Bringing to India a host of technologies like air disc brakes, Autonomous Emergency Braking (AEB), stability control and others, suppliers like Wabco and ZF are striving to ensure that no feature on offer is not adaptable. Stress is on developing functions that specifically address the Indian environment. One development that stands out is Automated Manual Transmission (AMT). It takes away the task of operating the clutch and changing the gears from the driver. Communicating with the engine and the other elements that are electronically powered (ABS, AEB, traction control, etc.) to formulate the right shifting strategy. AMT elevates efficiency, safety and comfort – the three hallmarks of connected vehicles. AMT also adds a dimension to how a connected CV will communicate with the operator and the manufacturer.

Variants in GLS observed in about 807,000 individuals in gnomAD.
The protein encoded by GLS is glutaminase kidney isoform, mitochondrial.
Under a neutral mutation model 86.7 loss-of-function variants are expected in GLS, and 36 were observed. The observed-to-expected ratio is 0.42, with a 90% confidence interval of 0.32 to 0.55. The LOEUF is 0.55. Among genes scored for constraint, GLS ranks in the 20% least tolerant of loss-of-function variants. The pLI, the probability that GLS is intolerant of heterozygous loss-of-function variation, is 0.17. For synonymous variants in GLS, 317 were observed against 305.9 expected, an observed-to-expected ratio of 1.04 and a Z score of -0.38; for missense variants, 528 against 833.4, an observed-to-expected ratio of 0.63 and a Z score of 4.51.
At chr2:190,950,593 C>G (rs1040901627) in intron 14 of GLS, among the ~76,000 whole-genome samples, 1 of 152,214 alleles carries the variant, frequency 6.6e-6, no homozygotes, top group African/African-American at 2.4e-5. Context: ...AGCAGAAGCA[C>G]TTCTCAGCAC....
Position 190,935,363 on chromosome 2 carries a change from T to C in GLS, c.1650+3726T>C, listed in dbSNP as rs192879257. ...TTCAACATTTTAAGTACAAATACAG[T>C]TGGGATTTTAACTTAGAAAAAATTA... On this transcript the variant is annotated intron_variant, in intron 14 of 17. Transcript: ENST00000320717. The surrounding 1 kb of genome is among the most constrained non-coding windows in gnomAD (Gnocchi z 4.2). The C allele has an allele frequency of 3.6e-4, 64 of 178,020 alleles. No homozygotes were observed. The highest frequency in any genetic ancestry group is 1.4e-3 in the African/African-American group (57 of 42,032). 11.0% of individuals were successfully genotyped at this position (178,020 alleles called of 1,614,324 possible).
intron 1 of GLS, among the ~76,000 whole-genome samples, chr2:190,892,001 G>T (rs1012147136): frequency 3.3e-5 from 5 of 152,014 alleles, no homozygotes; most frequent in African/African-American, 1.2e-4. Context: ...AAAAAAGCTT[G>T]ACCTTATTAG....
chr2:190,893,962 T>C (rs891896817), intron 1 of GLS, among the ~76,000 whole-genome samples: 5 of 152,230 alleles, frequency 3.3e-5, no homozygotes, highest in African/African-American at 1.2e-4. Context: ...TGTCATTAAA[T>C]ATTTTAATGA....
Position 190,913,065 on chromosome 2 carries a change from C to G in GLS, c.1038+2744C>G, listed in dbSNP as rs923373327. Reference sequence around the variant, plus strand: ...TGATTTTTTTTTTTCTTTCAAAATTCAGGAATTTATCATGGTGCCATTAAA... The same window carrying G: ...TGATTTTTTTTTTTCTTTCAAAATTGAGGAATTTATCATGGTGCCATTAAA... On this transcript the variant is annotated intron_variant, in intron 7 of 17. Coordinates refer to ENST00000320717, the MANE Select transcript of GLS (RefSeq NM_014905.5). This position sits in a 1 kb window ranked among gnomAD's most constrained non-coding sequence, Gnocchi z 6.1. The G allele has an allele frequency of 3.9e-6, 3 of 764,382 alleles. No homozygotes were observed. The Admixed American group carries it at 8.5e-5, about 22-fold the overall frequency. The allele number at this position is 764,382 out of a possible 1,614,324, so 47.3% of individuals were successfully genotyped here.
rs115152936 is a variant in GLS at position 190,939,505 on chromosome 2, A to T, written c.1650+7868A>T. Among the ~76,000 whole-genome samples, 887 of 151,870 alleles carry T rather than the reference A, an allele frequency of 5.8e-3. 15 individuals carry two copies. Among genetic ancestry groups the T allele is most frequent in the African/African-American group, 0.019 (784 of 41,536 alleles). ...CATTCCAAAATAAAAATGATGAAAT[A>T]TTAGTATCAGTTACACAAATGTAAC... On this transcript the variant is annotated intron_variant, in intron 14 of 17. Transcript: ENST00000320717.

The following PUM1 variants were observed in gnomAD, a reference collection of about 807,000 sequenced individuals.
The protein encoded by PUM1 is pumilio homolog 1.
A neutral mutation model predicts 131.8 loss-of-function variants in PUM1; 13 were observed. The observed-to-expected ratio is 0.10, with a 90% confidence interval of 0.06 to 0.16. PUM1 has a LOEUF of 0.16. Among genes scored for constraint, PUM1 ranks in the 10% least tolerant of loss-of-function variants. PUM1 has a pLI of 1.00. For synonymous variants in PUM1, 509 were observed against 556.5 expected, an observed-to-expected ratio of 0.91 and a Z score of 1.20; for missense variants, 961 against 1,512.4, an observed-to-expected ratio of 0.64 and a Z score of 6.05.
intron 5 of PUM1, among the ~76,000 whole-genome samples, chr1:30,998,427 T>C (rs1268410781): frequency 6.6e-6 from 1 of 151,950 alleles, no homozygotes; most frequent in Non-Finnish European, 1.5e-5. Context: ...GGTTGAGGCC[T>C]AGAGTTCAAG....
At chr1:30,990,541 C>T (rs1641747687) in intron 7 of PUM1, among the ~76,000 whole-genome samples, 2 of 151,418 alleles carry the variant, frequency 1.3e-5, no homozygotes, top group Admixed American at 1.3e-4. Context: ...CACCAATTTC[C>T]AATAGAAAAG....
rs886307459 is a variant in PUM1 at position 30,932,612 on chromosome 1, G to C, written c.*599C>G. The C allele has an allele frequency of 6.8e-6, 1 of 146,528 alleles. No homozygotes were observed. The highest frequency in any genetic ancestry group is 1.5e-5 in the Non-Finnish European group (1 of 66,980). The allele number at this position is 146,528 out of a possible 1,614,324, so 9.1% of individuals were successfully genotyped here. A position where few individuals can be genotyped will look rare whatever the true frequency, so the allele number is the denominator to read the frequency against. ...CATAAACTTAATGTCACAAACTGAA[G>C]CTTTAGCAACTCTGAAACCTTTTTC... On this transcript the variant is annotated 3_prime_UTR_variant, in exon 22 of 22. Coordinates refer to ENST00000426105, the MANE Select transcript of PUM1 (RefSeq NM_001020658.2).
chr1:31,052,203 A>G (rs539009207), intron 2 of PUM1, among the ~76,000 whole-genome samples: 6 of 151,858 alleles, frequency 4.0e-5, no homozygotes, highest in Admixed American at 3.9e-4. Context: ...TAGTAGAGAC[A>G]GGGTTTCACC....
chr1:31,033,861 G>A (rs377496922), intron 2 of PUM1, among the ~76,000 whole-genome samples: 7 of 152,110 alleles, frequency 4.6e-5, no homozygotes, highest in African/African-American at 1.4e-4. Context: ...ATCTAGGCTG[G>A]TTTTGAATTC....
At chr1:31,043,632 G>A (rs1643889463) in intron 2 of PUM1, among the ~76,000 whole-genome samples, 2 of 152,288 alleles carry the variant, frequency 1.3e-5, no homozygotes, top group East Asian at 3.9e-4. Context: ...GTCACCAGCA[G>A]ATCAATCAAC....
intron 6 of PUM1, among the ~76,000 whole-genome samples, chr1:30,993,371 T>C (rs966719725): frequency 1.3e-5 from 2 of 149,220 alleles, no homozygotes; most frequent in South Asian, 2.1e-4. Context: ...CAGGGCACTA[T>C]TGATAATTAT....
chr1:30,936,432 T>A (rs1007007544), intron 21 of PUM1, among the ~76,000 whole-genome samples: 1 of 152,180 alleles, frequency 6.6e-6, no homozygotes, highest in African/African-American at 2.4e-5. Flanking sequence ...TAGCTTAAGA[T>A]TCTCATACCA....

For a manufacturer, connected CVs will provide big and valuable data. They will provide data that would help the manufacturer to make reliable vehicles. Vehicles that are smart and profitable. With the time spent on the road by a CV rising, especially in the case of HGVs and long-route buses, the availability of data to manufacturers is helpful in scheduling preventive maintenance, offering quick breakdown support, and in collecting necessary data on vehicle behaviour. For an operator, the connection would ideally indicate where his or her HGV is, about driver behaviour, and more. Offering the driver an opportunity to self evaluate his driving skills, and drive better, a connected CV will also enable a fleet operator to keep tabs; for the insurance company to charge lower premium, or a premium based on wage. Describing connected CVs as a new area of value to the CV industry, and the transportation industry, Esculier averred, “It is a completely new area of value that our industry would provide to fleets.